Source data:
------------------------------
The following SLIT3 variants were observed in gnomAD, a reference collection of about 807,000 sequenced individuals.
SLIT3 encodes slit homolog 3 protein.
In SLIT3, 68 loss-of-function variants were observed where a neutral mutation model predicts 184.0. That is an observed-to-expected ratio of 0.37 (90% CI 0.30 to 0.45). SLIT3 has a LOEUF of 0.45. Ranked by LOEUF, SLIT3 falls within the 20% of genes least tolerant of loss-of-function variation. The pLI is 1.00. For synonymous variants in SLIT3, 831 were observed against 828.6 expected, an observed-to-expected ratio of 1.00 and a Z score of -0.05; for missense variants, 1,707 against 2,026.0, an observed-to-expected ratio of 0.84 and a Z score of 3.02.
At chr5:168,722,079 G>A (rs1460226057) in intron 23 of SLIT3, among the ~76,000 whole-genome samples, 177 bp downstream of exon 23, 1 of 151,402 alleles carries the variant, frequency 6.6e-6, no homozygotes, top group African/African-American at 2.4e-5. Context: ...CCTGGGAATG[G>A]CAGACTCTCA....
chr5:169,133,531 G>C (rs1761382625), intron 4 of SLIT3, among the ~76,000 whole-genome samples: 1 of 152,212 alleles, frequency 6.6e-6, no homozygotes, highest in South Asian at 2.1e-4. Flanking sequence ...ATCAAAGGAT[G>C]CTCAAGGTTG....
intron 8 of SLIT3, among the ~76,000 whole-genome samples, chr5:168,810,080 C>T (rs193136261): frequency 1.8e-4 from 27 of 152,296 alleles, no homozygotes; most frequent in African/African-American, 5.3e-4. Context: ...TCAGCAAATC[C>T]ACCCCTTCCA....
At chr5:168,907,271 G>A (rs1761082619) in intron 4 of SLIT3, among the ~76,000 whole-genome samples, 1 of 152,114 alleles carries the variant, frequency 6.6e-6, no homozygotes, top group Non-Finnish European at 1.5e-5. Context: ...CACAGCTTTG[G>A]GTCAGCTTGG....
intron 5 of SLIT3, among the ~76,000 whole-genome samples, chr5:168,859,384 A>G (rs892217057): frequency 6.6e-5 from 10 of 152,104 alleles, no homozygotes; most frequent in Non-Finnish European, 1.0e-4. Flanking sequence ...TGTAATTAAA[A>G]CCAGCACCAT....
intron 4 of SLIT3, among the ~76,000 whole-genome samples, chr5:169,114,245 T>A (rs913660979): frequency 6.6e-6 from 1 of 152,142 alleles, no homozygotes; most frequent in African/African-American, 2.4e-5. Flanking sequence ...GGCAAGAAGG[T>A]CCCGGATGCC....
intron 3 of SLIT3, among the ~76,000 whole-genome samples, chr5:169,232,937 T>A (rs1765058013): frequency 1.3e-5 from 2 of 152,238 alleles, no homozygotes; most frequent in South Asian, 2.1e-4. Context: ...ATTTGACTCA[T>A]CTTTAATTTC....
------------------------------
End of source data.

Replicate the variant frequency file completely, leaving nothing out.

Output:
The following SLIT3 variants were observed in gnomAD, a reference collection of about 807,000 sequenced individuals.
SLIT3 encodes slit homolog 3 protein.
In SLIT3, 68 loss-of-function variants were observed where a neutral mutation model predicts 184.0. That is an observed-to-expected ratio of 0.37 (90% CI 0.30 to 0.45). SLIT3 has a LOEUF of 0.45. Ranked by LOEUF, SLIT3 falls within the 20% of genes least tolerant of loss-of-function variation. The pLI is 1.00. For synonymous variants in SLIT3, 831 were observed against 828.6 expected, an observed-to-expected ratio of 1.00 and a Z score of -0.05; for missense variants, 1,707 against 2,026.0, an observed-to-expected ratio of 0.84 and a Z score of 3.02.
At chr5:168,722,079 G>A (rs1460226057) in intron 23 of SLIT3, among the ~76,000 whole-genome samples, 177 bp downstream of exon 23, 1 of 151,402 alleles carries the variant, frequency 6.6e-6, no homozygotes, top group African/African-American at 2.4e-5. Context: ...CCTGGGAATG[G>A]CAGACTCTCA....
chr5:169,133,531 G>C (rs1761382625), intron 4 of SLIT3, among the ~76,000 whole-genome samples: 1 of 152,212 alleles, frequency 6.6e-6, no homozygotes, highest in South Asian at 2.1e-4. Flanking sequence ...ATCAAAGGAT[G>C]CTCAAGGTTG....
intron 8 of SLIT3, among the ~76,000 whole-genome samples, chr5:168,810,080 C>T (rs193136261): frequency 1.8e-4 from 27 of 152,296 alleles, no homozygotes; most frequent in African/African-American, 5.3e-4. Context: ...TCAGCAAATC[C>T]ACCCCTTCCA....
At chr5:168,907,271 G>A (rs1761082619) in intron 4 of SLIT3, among the ~76,000 whole-genome samples, 1 of 152,114 alleles carries the variant, frequency 6.6e-6, no homozygotes, top group Non-Finnish European at 1.5e-5. Context: ...CACAGCTTTG[G>A]GTCAGCTTGG....
intron 5 of SLIT3, among the ~76,000 whole-genome samples, chr5:168,859,384 A>G (rs892217057): frequency 6.6e-5 from 10 of 152,104 alleles, no homozygotes; most frequent in Non-Finnish European, 1.0e-4. Flanking sequence ...TGTAATTAAA[A>G]CCAGCACCAT....
intron 4 of SLIT3, among the ~76,000 whole-genome samples, chr5:169,114,245 T>A (rs913660979): frequency 6.6e-6 from 1 of 152,142 alleles, no homozygotes; most frequent in African/African-American, 2.4e-5. Flanking sequence ...GGCAAGAAGG[T>A]CCCGGATGCC....
intron 3 of SLIT3, among the ~76,000 whole-genome samples, chr5:169,232,937 T>A (rs1765058013): frequency 1.3e-5 from 2 of 152,238 alleles, no homozygotes; most frequent in South Asian, 2.1e-4. Context: ...ATTTGACTCA[T>A]CTTTAATTTC....